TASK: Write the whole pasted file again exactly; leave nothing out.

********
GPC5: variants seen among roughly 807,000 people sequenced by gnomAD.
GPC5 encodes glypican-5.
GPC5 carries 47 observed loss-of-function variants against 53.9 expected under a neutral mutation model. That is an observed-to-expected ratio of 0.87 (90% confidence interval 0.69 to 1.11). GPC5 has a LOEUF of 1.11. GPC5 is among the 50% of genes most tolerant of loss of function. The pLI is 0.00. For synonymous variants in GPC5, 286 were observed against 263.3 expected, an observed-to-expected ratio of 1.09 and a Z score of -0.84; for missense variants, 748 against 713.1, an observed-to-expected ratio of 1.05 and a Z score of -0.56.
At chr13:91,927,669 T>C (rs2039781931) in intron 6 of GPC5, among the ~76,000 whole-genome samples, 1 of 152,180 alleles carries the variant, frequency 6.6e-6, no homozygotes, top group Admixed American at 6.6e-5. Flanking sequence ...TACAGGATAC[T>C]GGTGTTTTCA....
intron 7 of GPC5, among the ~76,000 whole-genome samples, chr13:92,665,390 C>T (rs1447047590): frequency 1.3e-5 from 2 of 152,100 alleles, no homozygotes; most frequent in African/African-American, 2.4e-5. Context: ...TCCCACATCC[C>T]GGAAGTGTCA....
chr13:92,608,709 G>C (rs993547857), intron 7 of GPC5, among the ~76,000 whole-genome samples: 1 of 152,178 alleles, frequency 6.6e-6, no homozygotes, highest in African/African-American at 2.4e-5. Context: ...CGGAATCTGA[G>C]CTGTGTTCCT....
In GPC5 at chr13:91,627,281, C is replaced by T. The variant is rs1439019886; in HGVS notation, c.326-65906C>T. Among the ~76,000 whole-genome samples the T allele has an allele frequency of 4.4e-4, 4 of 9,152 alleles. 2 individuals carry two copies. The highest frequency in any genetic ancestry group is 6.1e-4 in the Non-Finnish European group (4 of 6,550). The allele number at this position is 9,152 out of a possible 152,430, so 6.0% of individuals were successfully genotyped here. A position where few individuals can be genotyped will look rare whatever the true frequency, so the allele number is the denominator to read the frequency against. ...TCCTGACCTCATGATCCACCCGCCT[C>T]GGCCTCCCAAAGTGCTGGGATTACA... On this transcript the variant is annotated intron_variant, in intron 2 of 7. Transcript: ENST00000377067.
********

GPC5: variants seen among roughly 807,000 people sequenced by gnomAD.
GPC5 encodes glypican-5.
GPC5 carries 47 observed loss-of-function variants against 53.9 expected under a neutral mutation model. That is an observed-to-expected ratio of 0.87 (90% confidence interval 0.69 to 1.11). GPC5 has a LOEUF of 1.11. GPC5 is among the 50% of genes most tolerant of loss of function. The pLI is 0.00. For synonymous variants in GPC5, 286 were observed against 263.3 expected, an observed-to-expected ratio of 1.09 and a Z score of -0.84; for missense variants, 748 against 713.1, an observed-to-expected ratio of 1.05 and a Z score of -0.56.
At chr13:91,927,669 T>C (rs2039781931) in intron 6 of GPC5, among the ~76,000 whole-genome samples, 1 of 152,180 alleles carries the variant, frequency 6.6e-6, no homozygotes, top group Admixed American at 6.6e-5. Flanking sequence ...TACAGGATAC[T>C]GGTGTTTTCA....
intron 7 of GPC5, among the ~76,000 whole-genome samples, chr13:92,665,390 C>T (rs1447047590): frequency 1.3e-5 from 2 of 152,100 alleles, no homozygotes; most frequent in African/African-American, 2.4e-5. Context: ...TCCCACATCC[C>T]GGAAGTGTCA....
chr13:92,608,709 G>C (rs993547857), intron 7 of GPC5, among the ~76,000 whole-genome samples: 1 of 152,178 alleles, frequency 6.6e-6, no homozygotes, highest in African/African-American at 2.4e-5. Context: ...CGGAATCTGA[G>C]CTGTGTTCCT....
In GPC5 at chr13:91,627,281, C is replaced by T. The variant is rs1439019886; in HGVS notation, c.326-65906C>T. Among the ~76,000 whole-genome samples the T allele has an allele frequency of 4.4e-4, 4 of 9,152 alleles. 2 individuals carry two copies. The highest frequency in any genetic ancestry group is 6.1e-4 in the Non-Finnish European group (4 of 6,550). The allele number at this position is 9,152 out of a possible 152,430, so 6.0% of individuals were successfully genotyped here. A position where few individuals can be genotyped will look rare whatever the true frequency, so the allele number is the denominator to read the frequency against. ...TCCTGACCTCATGATCCACCCGCCT[C>T]GGCCTCCCAAAGTGCTGGGATTACA... On this transcript the variant is annotated intron_variant, in intron 2 of 7. Transcript: ENST00000377067.